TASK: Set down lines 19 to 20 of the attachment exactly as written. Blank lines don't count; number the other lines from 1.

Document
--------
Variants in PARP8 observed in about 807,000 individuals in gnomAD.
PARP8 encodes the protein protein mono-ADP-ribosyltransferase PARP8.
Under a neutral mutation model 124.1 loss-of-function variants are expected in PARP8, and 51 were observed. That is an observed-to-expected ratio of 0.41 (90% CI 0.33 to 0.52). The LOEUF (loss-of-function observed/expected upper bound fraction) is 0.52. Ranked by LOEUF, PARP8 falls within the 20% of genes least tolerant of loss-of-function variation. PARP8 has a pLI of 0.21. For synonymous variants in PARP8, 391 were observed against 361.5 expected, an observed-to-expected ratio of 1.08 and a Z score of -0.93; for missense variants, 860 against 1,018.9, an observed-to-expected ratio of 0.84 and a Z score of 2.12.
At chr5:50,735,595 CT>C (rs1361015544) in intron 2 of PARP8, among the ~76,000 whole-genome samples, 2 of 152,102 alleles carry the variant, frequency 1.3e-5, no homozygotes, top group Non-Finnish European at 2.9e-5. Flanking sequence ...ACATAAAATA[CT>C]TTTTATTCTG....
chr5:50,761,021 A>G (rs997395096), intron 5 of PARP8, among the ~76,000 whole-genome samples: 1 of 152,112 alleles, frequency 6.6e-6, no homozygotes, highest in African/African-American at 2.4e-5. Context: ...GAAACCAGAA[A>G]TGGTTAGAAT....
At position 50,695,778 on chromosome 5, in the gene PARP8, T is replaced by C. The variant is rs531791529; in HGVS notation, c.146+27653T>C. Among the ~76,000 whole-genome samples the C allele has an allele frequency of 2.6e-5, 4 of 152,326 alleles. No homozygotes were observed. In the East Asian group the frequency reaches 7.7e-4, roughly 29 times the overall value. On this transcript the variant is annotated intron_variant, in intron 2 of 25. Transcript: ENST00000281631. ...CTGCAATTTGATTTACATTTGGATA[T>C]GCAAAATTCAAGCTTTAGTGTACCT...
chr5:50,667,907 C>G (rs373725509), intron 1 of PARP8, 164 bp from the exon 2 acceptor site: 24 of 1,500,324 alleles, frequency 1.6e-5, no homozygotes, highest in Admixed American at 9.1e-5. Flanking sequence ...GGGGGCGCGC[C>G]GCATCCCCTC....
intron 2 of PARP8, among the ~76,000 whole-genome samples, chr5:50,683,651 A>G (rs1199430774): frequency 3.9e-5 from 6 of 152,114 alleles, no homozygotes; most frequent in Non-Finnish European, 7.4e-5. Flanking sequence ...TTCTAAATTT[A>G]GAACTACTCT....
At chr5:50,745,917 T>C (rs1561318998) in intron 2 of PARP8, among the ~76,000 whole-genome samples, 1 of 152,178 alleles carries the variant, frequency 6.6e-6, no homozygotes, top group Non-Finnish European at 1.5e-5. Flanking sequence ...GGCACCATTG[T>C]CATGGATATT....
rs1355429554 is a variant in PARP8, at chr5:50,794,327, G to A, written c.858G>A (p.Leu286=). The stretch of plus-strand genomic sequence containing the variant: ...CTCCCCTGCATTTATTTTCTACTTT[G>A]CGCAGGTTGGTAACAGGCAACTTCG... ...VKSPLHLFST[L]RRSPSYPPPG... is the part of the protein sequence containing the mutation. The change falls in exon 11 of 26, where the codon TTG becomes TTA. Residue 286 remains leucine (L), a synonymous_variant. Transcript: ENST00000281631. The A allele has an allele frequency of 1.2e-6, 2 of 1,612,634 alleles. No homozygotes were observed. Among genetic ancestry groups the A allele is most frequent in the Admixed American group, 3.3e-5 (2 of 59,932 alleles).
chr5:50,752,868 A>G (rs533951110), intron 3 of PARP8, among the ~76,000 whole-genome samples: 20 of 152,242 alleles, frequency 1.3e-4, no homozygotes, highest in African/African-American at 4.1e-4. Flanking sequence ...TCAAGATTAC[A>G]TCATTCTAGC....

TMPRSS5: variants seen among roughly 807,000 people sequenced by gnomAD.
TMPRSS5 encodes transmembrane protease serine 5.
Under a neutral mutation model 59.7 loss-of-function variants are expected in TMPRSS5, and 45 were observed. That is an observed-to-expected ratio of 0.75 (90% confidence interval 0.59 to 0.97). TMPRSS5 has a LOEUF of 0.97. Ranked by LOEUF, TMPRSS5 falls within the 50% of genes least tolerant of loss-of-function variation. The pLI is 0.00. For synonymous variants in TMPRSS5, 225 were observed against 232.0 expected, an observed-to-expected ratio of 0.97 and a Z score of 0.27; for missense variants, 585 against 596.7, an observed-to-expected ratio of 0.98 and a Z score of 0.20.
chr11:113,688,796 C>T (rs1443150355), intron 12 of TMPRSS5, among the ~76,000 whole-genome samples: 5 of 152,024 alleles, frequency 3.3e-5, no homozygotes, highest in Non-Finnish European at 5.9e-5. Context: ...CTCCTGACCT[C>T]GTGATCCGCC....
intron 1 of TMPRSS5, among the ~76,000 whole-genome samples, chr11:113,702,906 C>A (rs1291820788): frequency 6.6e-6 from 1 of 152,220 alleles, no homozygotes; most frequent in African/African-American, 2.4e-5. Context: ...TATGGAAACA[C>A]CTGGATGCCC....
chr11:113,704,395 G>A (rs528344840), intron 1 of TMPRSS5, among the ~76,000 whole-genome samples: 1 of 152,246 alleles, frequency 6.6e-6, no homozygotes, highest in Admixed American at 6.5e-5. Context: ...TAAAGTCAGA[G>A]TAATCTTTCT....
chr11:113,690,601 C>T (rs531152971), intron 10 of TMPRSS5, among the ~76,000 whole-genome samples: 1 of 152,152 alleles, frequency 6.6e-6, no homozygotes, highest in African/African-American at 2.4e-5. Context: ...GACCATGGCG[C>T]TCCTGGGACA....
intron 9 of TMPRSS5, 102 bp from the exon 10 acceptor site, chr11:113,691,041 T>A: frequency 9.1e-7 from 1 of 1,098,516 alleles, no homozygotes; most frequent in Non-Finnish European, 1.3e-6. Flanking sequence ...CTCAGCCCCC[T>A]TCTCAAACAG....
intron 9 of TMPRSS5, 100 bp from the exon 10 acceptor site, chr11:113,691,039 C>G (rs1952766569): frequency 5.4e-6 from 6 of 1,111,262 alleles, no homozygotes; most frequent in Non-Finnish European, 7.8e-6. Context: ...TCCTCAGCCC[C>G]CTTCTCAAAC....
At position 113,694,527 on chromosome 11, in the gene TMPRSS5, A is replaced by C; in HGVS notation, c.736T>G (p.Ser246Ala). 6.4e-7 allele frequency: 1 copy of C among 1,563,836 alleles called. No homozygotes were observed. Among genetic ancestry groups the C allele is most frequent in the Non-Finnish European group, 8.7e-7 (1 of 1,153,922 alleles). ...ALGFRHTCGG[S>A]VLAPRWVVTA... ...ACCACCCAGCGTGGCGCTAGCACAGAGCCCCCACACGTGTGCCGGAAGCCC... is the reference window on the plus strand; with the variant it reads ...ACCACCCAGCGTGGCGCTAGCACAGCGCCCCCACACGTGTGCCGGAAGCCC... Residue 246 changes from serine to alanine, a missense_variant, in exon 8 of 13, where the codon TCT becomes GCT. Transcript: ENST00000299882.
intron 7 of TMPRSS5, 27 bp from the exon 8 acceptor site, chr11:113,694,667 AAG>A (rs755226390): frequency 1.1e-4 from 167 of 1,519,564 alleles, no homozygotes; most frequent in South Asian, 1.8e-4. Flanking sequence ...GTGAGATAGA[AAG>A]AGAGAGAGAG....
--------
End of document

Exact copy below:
intron 9 of TMPRSS5, 102 bp from the exon 10 acceptor site, chr11:113,691,041 T>A: frequency 9.1e-7 from 1 of 1,098,516 alleles, no homozygotes; most frequent in Non-Finnish European, 1.3e-6. Flanking sequence ...CTCAGCCCCC[T>A]TCTCAAACAG....
intron 9 of TMPRSS5, 100 bp from the exon 10 acceptor site, chr11:113,691,039 C>G (rs1952766569): frequency 5.4e-6 from 6 of 1,111,262 alleles, no homozygotes; most frequent in Non-Finnish European, 7.8e-6. Context: ...TCCTCAGCCC[C>G]CTTCTCAAAC....